“[This tour is] a poetic journey full of rare insight into the life of a man who’s come to represent the ghettoized contingency of the City of Angels.” – Tanja M. Laden, Flavorpill
“Haunts of a Dirty Old Man: Charles Bukowski’s LA” focuses on Bukowski’s great passions: writing, screwing and Los Angeles. We’ll take in the canonical locations of his life and myth: the Postal Annex Terminal where he gathered the material for “Post Office,” the De Longpre apartment where he briefly experimented with marriage and fatherhood, one of his favorite bars and liquor stores, and many other spots. Along the way, we’ll explore the people and ideas that made up the warp and weft of Buk’s rich inner life. This Esotouric bus adventure is hosted by Richard Schave and spans Bukowski’s personal city, from Skid Row to once-genteel Crown Hill, to Bukowski’s favorite East Hollywood liquor store, the Pink Elephant.
In honor of this tour and Bukowski’s poem Bluebird, cartoonist Tony Millionaire has created The Bukbird, a pale blue version of his beloved alcoholic crow character. The Bukbird is available on T-shirts and fine art prints by plasticmuse.
Please use the form on the left to register for this event. No “Plus Ones.”
ABOUT THIS EVENT:
Please join Richard Schave of Esotouric, Prof. Paul Rood of BIOLA and Rev. Andy Bales of the Union Rescue Mission (URM) for a 90-minute walking tour along the historic paths that have delineated Skid Row in downtown Los Angeles. This tour derives from the ongoing 1947project In SRO Land blog series that uses the archives of the URM (founded 1891) as a tool for exploring the social and architectural history of the forgotten people and places of Downtown Los Angeles.
The tour begins with a survey of the early history of the outreach by the URM through its gospel wagon and at two now-lost buildings: the original home at 145 N. Main (now City Hall Lawn) and the long-time location at 226 S. Main (now a parking lot next to the former St. Vibiana’s Cathedral).
The main themes will be the evolution of public policy on Skid Row from the private philanthropy of Lyman Stewart to today’s Continuum of Care, the transformative work of the URM, and the architectural history of the neighborhood.
The route will include Main Street between 2nd and 3rd Streets (for a then/now comparison of the surviving and demolished locations featured in the 1949 URM-financed short film Of Scrap & Steel, which will be screened later in the evening in a free event that requires a separate reservation). At 3rd and San Pedro Streets we will discuss the Azusa Street Revival, a transformative event in the spiritual history of Los Angeles and the West. During the walk back to the current home of the URM, Rev. Andy Bales will talk about issues and challenges facing the neighborhood and the URM today.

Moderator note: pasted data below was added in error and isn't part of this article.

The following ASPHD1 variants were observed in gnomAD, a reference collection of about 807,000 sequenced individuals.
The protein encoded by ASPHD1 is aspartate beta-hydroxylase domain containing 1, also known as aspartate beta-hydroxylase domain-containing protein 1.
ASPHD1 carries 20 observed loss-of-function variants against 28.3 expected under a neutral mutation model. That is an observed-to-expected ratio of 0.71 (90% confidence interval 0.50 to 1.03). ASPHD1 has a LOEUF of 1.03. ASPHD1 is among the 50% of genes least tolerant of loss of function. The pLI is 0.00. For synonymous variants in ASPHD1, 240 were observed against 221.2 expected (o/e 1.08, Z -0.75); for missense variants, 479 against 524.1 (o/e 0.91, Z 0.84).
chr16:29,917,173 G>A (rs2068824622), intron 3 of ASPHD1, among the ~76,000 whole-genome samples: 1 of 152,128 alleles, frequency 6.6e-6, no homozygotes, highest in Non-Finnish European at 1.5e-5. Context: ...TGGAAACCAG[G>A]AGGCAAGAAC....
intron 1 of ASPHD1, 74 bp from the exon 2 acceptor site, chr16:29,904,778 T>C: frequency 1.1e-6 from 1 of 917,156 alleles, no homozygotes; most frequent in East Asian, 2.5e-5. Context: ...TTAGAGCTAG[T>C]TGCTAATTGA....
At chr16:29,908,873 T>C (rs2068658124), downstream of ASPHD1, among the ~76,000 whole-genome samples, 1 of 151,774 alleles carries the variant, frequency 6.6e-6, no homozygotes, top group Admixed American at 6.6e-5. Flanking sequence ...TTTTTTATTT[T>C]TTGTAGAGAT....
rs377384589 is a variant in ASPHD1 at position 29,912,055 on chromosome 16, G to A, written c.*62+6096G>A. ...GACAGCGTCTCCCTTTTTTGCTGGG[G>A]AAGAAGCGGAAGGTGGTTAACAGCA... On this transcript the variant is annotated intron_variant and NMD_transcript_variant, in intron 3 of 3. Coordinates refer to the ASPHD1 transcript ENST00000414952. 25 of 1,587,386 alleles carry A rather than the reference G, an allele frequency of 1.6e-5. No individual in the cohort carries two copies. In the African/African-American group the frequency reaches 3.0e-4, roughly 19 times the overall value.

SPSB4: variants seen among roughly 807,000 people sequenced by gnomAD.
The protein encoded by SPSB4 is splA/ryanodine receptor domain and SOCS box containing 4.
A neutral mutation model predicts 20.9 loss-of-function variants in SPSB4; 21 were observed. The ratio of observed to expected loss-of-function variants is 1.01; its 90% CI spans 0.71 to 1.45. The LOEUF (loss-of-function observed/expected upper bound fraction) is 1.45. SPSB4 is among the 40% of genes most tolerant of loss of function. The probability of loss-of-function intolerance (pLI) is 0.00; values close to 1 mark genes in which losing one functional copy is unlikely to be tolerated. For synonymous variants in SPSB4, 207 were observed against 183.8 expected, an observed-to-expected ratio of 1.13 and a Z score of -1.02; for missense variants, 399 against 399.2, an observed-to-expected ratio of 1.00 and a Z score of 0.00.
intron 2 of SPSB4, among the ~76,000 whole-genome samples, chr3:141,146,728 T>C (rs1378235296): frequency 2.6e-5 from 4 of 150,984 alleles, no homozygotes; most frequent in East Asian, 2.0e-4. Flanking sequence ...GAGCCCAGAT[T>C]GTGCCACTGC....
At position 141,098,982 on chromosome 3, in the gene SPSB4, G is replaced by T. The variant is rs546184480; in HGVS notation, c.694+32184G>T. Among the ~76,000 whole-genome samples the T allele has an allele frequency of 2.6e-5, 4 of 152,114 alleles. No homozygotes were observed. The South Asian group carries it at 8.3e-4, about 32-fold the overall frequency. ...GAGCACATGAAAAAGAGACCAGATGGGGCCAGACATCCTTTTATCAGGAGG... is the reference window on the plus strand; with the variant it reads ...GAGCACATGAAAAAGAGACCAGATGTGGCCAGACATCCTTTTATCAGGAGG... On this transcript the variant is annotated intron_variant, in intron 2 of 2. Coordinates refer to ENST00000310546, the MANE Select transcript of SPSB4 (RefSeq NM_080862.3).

The rendezvous point for the tour is the URM‘s headquarters at at 6th and San Pedro Streets. A free shuttle bus will take tour attendees to 2nd and Main Streets, where the walking tour begins. Registration is required, and each attendee must register separately, to ensure sufficient seating on the shuttle bus.
Parking is available at the URM’s underground parking lot for registered attendees. Just tell the attendent you are there for the walking tour. If everyone attending arrives with one other person in their car, there should be enough parking for all. Those arriving latter will have to leave their keys with the parking attendent.
Nearest Metro station is Little Tokyo.
The Mayme Clayton Library & Museum, in association with the Watts Towers Arts Center, will present a bus tour of Watts, stopping at sites meaningful to the Watts Riots of 1965. Led by Mayme Clayton Library and Museum board member and Watts native, Mr. Lindsay Hughes, the one-hour tour is a personal journey through the events that occurred in this area on August 15, 1965. Ticket price: $35.
Mr. Hughes will discuss the political and social issues that animated the Watts neighborhood in 1965, the true locational boundaries of the uprisings, the locations of low income housing projects in the area, such as Nickerson Gardens and Jordan Downs, and the factors that triggered the riots. Participants shall visit sites important to the Southern California African American experience like the 5-4 Ballroom, a venue favored by musical legend, Johnny Otis.